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Govt backing of America’s Cup team pays dividends

21 August 2008 Media Statement

Govt backing of America’s Cup team pays dividends

The government’s $33.75 million investment in Emirates Team New Zealand boosted the New Zealand economy by around $2 for every dollar of public funding, Associate Finance Minister Trevor Mallard said today.

An independent report on the government's 2003 investment in the team’s challenge for the 2007 America’s Cup shows a significant impact on the New Zealand economy.

Just as importantly, the Market Economics report shows there were less tangible but significant benefits from the event in terms of New Zealand’s marine industry.

"The report shows the America’s Cup continued to provide an ideal opportunity to showcase New Zealand’s boat-building, sailing and design talent and it’s also good to know the projected return on the government’s investment was better than we expected," Trevor Mallard said.

The report shows the kiwi team’s cup preparation, which began in April 2003, and the subsequent race to be the challenger in August 2007, added an extra $62.2m-$74.4m to New Zealand’s gross domestic product (GDP).

The challenge for the America’s Cup meant 750-900 more full-time-equivalent jobs over the America’s Cup campaign nationwide.

The direct and total return to government in the form of additional tax revenue from the campaign was between $32.4 million and $39.4 million.

The return on the government’s investment in Emirates Team NZ was greater than a 2003 estimation of $35-$53m, partly because a greater share of the team’s funding ended up coming from overseas.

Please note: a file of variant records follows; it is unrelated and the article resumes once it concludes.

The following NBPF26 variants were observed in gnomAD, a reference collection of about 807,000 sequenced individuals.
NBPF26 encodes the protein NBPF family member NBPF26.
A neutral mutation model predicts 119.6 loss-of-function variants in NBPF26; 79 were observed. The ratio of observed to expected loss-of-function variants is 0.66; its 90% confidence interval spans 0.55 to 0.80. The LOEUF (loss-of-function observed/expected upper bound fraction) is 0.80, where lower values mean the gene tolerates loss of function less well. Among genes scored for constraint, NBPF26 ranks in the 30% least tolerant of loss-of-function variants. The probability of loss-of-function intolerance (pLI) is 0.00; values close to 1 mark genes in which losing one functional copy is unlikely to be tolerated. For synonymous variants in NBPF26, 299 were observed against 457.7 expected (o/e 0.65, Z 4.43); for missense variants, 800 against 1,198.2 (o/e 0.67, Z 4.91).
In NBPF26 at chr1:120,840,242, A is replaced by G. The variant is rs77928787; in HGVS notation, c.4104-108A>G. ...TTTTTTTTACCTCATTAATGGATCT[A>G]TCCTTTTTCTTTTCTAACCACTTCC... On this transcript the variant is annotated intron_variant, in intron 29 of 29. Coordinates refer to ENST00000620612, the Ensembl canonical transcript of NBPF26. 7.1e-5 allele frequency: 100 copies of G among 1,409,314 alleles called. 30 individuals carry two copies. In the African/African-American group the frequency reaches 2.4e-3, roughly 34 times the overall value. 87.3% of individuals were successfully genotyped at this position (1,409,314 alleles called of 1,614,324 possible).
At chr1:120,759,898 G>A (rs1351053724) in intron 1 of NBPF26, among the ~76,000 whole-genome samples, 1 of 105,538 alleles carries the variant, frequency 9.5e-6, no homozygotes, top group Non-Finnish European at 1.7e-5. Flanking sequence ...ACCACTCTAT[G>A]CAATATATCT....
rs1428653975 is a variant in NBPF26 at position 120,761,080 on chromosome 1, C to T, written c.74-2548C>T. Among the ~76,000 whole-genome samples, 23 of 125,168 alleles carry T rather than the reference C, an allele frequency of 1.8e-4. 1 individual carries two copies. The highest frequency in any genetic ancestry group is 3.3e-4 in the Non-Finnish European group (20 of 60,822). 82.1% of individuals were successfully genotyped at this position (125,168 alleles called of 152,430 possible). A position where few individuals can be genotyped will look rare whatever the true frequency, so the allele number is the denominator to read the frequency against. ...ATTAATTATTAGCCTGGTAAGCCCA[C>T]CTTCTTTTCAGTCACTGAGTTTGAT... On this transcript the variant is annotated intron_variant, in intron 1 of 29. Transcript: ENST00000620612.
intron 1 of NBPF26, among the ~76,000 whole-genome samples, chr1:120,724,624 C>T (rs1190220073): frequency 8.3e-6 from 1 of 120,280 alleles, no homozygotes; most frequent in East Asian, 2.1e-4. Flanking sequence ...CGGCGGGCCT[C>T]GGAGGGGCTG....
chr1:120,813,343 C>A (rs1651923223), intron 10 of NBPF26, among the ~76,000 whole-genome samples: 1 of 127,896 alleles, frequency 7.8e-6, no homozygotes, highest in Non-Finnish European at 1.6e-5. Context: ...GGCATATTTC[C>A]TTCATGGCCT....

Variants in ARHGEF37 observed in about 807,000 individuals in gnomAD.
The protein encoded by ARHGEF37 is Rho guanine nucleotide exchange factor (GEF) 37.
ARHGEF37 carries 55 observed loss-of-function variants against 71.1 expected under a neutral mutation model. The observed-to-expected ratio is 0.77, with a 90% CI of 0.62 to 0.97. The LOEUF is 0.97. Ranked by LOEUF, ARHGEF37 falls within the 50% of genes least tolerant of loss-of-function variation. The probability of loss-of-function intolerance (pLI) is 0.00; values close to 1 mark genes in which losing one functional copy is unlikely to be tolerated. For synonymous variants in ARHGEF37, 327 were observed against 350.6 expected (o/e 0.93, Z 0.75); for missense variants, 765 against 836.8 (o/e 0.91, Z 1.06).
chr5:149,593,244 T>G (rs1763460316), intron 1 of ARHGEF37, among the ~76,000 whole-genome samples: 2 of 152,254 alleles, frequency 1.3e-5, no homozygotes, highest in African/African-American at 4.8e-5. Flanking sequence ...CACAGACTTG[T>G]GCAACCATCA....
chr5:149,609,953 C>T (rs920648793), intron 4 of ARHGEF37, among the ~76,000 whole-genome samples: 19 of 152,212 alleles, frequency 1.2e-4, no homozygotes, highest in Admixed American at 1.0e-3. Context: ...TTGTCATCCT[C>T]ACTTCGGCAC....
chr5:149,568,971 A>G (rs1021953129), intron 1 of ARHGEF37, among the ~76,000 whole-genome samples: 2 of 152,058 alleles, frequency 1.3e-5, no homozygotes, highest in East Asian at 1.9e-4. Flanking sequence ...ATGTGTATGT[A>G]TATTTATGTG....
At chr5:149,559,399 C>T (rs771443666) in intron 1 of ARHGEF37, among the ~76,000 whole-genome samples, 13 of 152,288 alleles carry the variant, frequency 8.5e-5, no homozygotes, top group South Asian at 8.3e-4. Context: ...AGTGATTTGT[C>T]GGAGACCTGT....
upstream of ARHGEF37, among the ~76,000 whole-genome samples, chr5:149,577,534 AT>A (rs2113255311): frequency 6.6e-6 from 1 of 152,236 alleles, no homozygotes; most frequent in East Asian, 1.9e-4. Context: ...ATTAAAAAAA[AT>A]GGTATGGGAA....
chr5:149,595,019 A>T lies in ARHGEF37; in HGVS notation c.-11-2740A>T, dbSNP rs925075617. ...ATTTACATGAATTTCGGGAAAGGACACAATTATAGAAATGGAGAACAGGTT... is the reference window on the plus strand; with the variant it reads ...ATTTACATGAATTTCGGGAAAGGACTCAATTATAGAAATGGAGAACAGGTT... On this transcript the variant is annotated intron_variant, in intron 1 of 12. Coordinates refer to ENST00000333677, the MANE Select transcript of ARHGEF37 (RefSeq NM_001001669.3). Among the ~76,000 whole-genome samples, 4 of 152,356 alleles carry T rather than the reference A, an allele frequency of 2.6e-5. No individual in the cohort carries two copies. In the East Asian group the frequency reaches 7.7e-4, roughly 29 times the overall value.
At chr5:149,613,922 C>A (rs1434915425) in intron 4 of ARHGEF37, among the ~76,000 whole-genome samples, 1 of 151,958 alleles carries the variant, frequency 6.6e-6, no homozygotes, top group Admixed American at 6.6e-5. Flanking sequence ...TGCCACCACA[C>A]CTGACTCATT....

The report found the team’s 2007 campaign helped sustain the momentum of America’s Cup activity in the marine sector and meant expertise stayed in New Zealand instead of transferring to overseas syndicates.

A copy of the report can be found at

Q & A

How was the economic impact measured?
The economic impact measures the net additional contribution to New Zealand’s GDP from the extra expenditure in this country by Emirates Team NZ. It is measured in terms of additional expenditure, the value added component of that expenditure and the employment effects.

How was the taxation impact measured?
The taxation impact measures the net additional contribution to New Zealand’s tax revenue from the extra expenditure by Emirates Team NZ, including GST on goods and services consumed, Customs GST paid by the Team, GST on goods and services consumed by the crew community, the PAYE on syndicate wages and salaries, the ACC contribution by Emirates Team NZ, and the company tax generated from the additional turnover of businesses selling goods and services to Emirates Team NZ and from contractors earning income in New Zealand. In addition, as the Emirates Team NZ expenditure effects flow on through the economy, more tax of each type is generated.

Do these impacts relate solely to the government funding contribution?
No. Government funding was not the only source of funds for Emirates Team NZ but it was a critical key or trigger to attract other funding for the challenge. Therefore, the economic and tax effects arise from the total Emirates Team NZ expenditure, and are the combined effect of both government and sponsor funding.

What was the timeframe for the impact study?
The study measured impacts between April 2003 and August 2007.

What did the 2003 study into potential sponsorship impacts indicate?
The 2003 study estimated that the total value added arising from the Emirates Team NZ campaign would range between $35-$53m.

Why were the actual impacts, as outlined in the 2008 report, higher than than those predicted in 2003?

The 2008 report indicates total value added of $62-$74m. This is higher partly because a greater share of funding came from overseas than originally estimated. The key benefit of this is that, once overseas expenses are paid for, there is a greater amount of net additional offshore funding available for expenditure in the New Zealand economy.


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